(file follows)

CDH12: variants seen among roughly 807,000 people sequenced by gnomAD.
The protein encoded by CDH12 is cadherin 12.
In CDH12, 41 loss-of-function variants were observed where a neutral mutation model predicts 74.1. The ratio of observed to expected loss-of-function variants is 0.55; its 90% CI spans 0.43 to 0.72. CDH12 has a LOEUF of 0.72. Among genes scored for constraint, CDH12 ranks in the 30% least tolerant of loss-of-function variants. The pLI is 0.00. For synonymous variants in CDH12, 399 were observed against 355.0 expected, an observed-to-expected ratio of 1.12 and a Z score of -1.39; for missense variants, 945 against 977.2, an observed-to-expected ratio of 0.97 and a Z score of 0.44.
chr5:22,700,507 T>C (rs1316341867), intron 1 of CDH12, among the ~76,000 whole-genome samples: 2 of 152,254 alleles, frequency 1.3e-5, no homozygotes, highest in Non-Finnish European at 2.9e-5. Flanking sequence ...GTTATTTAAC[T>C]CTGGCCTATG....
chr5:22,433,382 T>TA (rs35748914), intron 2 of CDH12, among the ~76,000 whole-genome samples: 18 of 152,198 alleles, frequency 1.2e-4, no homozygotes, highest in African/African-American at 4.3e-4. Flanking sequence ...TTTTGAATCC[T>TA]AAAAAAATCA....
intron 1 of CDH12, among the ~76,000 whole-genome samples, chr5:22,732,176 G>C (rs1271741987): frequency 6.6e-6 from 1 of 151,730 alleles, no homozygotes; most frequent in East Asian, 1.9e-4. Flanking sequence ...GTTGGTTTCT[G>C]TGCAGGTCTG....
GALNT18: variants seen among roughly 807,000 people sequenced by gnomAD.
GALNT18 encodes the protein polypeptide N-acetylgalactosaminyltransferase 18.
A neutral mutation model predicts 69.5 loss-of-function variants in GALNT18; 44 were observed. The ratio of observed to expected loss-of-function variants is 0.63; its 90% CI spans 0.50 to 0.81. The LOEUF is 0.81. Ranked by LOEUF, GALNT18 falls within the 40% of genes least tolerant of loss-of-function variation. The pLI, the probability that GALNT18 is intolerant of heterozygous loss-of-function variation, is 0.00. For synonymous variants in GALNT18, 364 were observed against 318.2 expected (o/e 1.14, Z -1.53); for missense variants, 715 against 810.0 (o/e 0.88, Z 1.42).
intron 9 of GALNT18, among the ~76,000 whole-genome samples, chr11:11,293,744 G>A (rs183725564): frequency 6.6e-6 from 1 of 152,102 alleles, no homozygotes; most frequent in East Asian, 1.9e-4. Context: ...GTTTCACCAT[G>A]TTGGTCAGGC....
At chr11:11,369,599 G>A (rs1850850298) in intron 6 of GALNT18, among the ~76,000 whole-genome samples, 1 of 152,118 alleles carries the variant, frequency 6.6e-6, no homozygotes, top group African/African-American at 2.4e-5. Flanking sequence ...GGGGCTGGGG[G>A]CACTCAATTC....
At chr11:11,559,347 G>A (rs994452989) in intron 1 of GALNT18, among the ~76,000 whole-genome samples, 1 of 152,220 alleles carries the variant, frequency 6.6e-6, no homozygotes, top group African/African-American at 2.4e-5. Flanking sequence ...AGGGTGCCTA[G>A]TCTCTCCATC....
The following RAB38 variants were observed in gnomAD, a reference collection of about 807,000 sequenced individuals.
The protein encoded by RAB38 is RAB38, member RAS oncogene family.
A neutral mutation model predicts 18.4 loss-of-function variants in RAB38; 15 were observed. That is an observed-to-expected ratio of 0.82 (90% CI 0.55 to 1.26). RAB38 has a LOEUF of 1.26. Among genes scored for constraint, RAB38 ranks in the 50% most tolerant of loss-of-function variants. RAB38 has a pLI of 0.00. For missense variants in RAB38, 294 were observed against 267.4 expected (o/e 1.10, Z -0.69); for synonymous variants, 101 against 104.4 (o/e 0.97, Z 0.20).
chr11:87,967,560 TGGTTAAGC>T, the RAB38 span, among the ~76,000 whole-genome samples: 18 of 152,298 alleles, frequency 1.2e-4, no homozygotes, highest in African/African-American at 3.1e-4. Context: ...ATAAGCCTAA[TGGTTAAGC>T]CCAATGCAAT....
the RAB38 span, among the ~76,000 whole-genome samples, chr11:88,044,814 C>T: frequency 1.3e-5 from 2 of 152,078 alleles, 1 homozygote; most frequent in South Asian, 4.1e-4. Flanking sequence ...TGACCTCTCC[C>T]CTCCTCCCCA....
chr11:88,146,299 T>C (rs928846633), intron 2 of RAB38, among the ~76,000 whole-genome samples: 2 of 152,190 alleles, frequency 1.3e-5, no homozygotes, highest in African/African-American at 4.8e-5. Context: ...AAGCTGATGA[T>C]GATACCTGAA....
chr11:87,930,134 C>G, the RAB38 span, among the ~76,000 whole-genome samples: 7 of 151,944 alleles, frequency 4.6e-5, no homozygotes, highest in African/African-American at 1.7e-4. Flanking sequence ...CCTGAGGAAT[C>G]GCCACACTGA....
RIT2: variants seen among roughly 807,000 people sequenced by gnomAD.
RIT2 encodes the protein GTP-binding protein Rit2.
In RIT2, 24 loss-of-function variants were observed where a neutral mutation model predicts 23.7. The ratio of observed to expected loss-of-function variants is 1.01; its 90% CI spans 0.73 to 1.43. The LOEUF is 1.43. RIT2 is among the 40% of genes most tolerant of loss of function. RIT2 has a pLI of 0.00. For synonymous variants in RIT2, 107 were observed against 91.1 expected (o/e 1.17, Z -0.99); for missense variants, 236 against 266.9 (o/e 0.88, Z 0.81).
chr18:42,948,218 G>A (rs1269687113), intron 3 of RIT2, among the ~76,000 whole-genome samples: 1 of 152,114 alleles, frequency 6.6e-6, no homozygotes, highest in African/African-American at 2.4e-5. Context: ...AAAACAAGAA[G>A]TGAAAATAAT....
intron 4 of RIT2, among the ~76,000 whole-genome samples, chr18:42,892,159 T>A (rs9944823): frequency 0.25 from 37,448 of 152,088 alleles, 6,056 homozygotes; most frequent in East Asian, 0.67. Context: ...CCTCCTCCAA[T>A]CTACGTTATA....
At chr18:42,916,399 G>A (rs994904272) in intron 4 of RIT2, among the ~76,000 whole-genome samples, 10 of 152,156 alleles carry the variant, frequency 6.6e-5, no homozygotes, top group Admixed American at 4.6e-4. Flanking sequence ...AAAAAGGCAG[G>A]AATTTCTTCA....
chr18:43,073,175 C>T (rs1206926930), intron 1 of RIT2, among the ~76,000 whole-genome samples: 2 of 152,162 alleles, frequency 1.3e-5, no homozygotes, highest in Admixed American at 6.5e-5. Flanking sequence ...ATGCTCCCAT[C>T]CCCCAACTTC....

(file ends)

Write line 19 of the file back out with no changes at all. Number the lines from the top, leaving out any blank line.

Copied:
chr11:87,930,134 C>G, the RAB38 span, among the ~76,000 whole-genome samples: 7 of 151,944 alleles, frequency 4.6e-5, no homozygotes, highest in African/African-American at 1.7e-4. Flanking sequence ...CCTGAGGAAT[C>G]GCCACACTGA....